Lygia Pape

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Lygia Pape
Courtesy Hauser and Wirth and the artist
Lygia Pape

Light’s important in art. Obviously. From the stark contrasting light and dark of Caravaggio to Monet and his shimmering naturalism, all the way through to Antony Gormley and his big cloud box, artists have always been obsessed with light and how to capture it. Then there’s Brazilian modernist Lygia Pape. In her own, perfectly abstract way, she might be one of the great unrecognised masters of light.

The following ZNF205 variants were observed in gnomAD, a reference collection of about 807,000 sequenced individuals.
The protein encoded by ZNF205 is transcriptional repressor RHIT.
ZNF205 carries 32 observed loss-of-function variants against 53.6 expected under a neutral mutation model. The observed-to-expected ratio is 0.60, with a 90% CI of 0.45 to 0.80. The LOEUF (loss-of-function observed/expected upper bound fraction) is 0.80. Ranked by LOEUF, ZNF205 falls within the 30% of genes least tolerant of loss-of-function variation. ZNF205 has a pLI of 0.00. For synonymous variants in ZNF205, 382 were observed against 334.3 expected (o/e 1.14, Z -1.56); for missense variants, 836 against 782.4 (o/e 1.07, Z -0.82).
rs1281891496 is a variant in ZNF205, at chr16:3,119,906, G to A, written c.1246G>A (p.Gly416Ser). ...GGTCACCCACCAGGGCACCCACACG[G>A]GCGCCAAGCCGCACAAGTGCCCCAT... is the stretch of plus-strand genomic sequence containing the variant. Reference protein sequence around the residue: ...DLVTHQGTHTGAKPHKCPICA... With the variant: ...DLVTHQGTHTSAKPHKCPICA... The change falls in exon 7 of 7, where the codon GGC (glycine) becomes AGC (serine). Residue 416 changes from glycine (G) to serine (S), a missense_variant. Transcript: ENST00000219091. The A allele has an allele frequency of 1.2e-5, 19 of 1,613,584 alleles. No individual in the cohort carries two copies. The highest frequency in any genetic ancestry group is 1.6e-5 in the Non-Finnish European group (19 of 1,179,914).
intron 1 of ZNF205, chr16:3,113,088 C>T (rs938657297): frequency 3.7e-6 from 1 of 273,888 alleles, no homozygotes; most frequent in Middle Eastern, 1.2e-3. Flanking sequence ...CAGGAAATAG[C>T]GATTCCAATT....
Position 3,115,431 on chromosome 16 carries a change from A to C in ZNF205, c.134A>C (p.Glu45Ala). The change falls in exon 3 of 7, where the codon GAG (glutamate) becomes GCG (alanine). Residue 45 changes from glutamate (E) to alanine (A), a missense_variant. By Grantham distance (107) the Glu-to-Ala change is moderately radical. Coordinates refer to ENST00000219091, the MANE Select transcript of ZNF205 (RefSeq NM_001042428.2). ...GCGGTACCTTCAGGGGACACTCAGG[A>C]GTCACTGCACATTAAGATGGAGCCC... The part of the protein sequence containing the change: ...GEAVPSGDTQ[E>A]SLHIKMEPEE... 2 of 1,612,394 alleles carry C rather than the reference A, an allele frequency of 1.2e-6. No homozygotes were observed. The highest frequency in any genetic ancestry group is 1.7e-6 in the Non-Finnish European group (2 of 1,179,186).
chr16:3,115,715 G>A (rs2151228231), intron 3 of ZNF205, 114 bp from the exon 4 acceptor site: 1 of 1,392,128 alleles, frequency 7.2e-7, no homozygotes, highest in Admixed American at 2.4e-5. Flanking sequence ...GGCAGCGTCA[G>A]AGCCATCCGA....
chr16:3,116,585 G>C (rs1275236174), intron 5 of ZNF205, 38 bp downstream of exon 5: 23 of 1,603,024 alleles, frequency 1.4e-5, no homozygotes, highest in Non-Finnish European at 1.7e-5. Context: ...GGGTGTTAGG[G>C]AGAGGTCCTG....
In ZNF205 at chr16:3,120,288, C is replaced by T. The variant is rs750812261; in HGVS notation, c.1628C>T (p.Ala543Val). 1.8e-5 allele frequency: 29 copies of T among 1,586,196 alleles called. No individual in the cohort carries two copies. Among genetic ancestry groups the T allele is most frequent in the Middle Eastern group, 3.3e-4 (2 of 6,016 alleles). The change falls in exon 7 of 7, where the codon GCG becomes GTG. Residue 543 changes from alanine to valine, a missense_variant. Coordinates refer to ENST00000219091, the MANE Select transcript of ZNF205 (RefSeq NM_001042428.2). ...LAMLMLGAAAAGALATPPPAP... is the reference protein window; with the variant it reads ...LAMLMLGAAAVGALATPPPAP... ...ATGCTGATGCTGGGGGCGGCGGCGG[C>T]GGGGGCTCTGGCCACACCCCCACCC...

Walk into the back room of this show and you’ll find a criss-crossing set of spotlit glittering wires in an otherwise pitch-black space. They intersect and clash, like columns of light frozen in a moment. They make you feel like you’re looking at a real-life, giant, physical version of a great abstract painting – it’s modernism made real. It’s light, captured perfectly. 

In another installation, piles of blue powder are formed into little pyramids on white sheets, with dark blue lights shining down on them. Seeing them is like looking down at the pyramids of Giza from the sky, but when you’re really, really high on psychedelics.

There are early geometric drawings here too, which are so lovely you’ll want to nick the lot, but the installations are the real gold. They’re properly illuminating.

By: Eddy Frankel


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